Medicated wafer to be approved for the treatment of frequent migraines on the NHS

Rimegepant will be available on the NHS for patients who have tried at least 3 other preventative therapies, and have at least 4 and fewer than 15 migraine attacks per month.
man holding forehead in pain

Patients with regular migraines, who have tried at least three other preventative treatments, will be eligible for treatment with a new oral therapy, under a draft National Institute for Health and Care Excellence (NICE) appraisal, published on 31 May 2023.

Rimegepant (Vydura; Pfizer), administered as a dissolvable wafer placed underneath the tongue, will be available on the NHS for patients who have at least 4 and fewer than 15 migraine attacks per month.

The treatment targets the protein calcitonin gene-related peptide (CGRP), which is thought to be associated with the vasodilation and release of inflammatory mediators associated with migraine. There are also injections available that target CGRP, but this is the first time that an oral option is on offer.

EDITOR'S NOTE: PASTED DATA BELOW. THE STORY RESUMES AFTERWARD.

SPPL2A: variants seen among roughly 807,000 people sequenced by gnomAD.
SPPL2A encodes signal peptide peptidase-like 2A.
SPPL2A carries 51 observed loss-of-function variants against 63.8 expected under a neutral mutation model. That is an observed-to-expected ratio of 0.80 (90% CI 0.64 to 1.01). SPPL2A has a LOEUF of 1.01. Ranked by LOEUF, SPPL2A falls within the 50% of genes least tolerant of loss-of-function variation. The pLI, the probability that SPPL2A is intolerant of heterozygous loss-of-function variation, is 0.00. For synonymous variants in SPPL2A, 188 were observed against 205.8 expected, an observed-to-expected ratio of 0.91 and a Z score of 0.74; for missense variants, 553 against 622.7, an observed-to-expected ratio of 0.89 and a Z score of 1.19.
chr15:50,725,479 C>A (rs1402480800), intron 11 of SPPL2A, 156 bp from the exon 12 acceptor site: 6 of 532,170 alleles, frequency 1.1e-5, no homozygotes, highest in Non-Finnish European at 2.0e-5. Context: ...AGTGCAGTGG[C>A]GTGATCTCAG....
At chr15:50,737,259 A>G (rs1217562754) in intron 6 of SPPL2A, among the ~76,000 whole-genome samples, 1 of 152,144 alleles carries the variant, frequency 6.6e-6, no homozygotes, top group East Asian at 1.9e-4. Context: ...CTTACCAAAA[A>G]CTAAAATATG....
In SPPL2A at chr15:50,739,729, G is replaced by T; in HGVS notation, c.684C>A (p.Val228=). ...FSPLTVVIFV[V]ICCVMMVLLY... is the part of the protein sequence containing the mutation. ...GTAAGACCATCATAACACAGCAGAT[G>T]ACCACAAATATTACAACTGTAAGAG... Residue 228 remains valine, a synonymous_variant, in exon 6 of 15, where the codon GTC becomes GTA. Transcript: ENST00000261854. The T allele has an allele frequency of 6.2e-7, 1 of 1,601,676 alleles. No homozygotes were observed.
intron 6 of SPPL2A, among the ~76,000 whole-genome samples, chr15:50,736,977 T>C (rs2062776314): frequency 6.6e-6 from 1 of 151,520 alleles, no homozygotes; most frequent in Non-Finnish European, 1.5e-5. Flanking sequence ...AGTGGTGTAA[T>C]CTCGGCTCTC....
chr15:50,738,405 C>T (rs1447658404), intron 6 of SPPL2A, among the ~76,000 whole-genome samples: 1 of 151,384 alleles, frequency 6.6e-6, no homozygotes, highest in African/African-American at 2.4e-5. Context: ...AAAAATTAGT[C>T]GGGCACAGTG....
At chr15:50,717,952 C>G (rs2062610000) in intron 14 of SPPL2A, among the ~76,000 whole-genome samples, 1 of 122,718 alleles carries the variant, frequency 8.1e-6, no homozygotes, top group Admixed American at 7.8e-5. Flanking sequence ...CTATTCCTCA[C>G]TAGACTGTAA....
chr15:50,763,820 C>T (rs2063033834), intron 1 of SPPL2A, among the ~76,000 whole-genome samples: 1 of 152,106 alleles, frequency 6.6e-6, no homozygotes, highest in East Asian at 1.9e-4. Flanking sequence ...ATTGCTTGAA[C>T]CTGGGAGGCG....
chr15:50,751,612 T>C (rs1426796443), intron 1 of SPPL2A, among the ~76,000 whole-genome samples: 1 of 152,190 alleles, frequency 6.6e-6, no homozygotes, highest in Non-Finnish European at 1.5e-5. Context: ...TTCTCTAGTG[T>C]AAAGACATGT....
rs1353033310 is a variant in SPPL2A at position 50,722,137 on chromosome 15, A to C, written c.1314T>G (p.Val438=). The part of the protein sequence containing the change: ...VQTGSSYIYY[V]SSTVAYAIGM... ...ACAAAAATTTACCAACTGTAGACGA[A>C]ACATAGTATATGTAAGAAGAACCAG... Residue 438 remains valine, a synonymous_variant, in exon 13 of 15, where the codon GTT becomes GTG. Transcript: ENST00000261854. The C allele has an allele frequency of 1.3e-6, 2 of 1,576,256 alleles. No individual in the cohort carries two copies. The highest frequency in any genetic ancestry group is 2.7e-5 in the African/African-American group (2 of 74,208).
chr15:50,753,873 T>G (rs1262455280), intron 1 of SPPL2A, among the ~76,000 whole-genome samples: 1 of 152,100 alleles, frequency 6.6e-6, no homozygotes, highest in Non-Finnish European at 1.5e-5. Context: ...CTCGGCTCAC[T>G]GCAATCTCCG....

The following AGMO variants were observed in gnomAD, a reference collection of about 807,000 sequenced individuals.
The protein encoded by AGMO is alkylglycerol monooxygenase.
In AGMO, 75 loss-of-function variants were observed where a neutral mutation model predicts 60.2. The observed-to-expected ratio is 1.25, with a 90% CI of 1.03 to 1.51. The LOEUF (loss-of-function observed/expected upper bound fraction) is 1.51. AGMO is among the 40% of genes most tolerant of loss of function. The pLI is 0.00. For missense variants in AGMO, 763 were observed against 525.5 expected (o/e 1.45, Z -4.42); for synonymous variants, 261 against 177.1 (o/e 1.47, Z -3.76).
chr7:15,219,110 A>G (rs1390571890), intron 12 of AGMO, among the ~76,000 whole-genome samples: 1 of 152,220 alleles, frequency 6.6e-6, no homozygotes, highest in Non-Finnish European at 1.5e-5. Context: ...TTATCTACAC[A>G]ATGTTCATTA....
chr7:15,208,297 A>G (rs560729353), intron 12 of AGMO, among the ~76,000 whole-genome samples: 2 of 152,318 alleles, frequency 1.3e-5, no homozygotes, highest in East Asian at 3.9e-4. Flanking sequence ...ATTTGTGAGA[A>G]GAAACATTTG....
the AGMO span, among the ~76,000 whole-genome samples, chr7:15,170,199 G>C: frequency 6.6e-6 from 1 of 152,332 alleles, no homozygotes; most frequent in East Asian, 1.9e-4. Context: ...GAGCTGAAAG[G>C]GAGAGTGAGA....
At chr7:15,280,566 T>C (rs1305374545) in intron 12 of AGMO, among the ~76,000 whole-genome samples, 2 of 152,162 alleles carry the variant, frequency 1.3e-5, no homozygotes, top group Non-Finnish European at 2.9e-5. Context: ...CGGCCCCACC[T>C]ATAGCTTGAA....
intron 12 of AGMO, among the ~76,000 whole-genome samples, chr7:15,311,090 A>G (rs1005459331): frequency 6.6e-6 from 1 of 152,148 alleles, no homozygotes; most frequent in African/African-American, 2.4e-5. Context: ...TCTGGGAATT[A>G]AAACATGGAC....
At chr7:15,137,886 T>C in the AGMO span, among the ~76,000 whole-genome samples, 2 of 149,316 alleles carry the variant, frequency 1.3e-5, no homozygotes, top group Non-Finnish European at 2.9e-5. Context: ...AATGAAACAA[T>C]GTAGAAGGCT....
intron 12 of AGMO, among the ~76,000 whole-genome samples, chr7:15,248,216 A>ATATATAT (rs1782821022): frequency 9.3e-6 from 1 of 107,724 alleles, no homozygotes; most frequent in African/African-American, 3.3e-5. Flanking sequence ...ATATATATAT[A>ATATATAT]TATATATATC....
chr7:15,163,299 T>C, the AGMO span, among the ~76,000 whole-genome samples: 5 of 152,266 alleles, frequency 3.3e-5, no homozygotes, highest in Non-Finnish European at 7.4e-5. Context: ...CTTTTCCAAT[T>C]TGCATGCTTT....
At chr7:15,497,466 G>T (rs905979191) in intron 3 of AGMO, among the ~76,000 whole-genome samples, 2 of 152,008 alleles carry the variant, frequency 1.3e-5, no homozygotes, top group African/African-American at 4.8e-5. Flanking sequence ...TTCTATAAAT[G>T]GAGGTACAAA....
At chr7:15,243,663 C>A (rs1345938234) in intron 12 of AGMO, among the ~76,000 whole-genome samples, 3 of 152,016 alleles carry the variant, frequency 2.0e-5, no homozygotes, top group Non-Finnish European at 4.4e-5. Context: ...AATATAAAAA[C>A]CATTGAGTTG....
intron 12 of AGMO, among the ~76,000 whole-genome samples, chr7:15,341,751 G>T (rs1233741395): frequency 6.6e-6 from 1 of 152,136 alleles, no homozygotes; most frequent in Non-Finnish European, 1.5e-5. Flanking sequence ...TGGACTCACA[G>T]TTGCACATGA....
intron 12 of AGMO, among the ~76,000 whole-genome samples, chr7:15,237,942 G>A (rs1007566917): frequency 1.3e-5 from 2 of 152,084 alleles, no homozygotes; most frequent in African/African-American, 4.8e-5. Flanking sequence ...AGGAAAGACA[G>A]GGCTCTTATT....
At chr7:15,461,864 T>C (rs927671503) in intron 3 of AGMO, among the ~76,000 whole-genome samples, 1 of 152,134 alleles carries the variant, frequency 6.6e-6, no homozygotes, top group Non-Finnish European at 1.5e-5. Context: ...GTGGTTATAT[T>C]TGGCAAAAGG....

NICE estimates that around 145,000 people could benefit from the treatment, but campaigners have raised concerns some people could miss out.

Helen Knight, director of medicines evaluation at NICE, said migraines were often an “invisible disability” and “blighted” millions of lives.

She said: “Rimegepant is the first oral treatment for migraine to be recommended by NICE — and for many thousands of people, it is likely to be a welcome and more convenient addition to existing options for a condition that is often overlooked and undertreated.”

Figures reveal that one out of every seven people in Britain suffers from some level of migraine and that women are more prone to the condition than men.

Peter Goadsby, a professor of neurology at King’s College London, said the “decision offers an important advance in treatment options for those who do not respond or cannot tolerate current treatments”.

The charity the Migraine Trust welcomed the plan but was “disappointed” the drug was not offered more widely to migraine sufferers.

Rob Music, chief executive of the Migraine Trust, said: “This would make a huge difference to people affected by medication-overuse headache, [and] those who are unable to take other acute treatments and who have not responded well to the currently available acute treatments.”

Last updated
The Pharmaceutical Journal, PJ, June 2023, Vol 310, No 7974;310(7974)::DOI:10.1211/PJ.2023.1.187518

    Please leave a comment 

    You may also be interested in